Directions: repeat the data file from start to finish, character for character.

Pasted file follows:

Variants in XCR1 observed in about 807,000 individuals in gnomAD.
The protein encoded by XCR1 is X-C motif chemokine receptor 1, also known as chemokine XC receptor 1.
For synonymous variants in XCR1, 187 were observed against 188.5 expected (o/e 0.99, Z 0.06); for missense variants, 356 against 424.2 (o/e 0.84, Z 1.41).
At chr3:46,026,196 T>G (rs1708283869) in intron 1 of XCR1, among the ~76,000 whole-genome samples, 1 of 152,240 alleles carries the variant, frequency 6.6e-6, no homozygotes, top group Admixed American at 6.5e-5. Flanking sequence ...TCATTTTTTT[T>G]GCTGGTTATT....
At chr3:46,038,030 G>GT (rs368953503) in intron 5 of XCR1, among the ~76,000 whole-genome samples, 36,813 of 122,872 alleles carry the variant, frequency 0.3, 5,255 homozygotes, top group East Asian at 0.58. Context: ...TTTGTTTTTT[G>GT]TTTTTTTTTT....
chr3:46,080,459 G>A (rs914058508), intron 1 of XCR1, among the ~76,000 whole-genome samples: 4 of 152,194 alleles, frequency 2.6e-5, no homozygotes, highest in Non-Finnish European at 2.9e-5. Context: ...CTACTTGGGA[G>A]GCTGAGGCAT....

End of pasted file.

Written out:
Variants in XCR1 observed in about 807,000 individuals in gnomAD.
The protein encoded by XCR1 is X-C motif chemokine receptor 1, also known as chemokine XC receptor 1.
For synonymous variants in XCR1, 187 were observed against 188.5 expected (o/e 0.99, Z 0.06); for missense variants, 356 against 424.2 (o/e 0.84, Z 1.41).
At chr3:46,026,196 T>G (rs1708283869) in intron 1 of XCR1, among the ~76,000 whole-genome samples, 1 of 152,240 alleles carries the variant, frequency 6.6e-6, no homozygotes, top group Admixed American at 6.5e-5. Flanking sequence ...TCATTTTTTT[T>G]GCTGGTTATT....
At chr3:46,038,030 G>GT (rs368953503) in intron 5 of XCR1, among the ~76,000 whole-genome samples, 36,813 of 122,872 alleles carry the variant, frequency 0.3, 5,255 homozygotes, top group East Asian at 0.58. Context: ...TTTGTTTTTT[G>GT]TTTTTTTTTT....
chr3:46,080,459 G>A (rs914058508), intron 1 of XCR1, among the ~76,000 whole-genome samples: 4 of 152,194 alleles, frequency 2.6e-5, no homozygotes, highest in Non-Finnish European at 2.9e-5. Context: ...CTACTTGGGA[G>A]GCTGAGGCAT....